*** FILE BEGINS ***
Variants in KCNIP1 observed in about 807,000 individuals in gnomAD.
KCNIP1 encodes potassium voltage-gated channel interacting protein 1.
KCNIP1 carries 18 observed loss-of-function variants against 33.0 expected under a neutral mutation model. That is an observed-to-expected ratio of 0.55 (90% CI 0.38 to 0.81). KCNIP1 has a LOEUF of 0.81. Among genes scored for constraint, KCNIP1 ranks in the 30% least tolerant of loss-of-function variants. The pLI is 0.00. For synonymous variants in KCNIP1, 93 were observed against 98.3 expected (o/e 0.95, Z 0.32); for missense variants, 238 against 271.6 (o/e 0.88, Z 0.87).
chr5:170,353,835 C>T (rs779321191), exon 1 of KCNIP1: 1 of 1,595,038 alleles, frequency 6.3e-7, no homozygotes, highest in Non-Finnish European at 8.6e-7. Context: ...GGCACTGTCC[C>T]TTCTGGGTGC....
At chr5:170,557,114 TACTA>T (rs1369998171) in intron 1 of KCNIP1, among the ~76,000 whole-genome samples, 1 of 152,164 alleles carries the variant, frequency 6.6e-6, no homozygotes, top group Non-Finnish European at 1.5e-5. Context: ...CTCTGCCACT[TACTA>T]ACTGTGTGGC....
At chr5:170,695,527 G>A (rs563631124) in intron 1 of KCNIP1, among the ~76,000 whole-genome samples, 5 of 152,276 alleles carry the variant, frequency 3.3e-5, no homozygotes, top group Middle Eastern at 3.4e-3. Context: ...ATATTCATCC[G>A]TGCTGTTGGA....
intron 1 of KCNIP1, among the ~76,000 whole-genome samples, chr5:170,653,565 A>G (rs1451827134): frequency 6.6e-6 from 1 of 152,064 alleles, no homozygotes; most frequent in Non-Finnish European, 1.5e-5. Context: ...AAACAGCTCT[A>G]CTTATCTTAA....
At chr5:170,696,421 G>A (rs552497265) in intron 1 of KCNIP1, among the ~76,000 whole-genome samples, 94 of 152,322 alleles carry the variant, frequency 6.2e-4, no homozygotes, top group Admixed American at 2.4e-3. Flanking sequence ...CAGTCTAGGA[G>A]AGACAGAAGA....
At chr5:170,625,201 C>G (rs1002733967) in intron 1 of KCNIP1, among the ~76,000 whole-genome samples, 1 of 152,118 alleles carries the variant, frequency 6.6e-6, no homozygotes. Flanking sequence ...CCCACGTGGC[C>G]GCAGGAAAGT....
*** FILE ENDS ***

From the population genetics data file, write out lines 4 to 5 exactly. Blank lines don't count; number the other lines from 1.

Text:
chr5:170,353,835 C>T (rs779321191), exon 1 of KCNIP1: 1 of 1,595,038 alleles, frequency 6.3e-7, no homozygotes, highest in Non-Finnish European at 8.6e-7. Context: ...GGCACTGTCC[C>T]TTCTGGGTGC....
At chr5:170,557,114 TACTA>T (rs1369998171) in intron 1 of KCNIP1, among the ~76,000 whole-genome samples, 1 of 152,164 alleles carries the variant, frequency 6.6e-6, no homozygotes, top group Non-Finnish European at 1.5e-5. Context: ...CTCTGCCACT[TACTA>T]ACTGTGTGGC....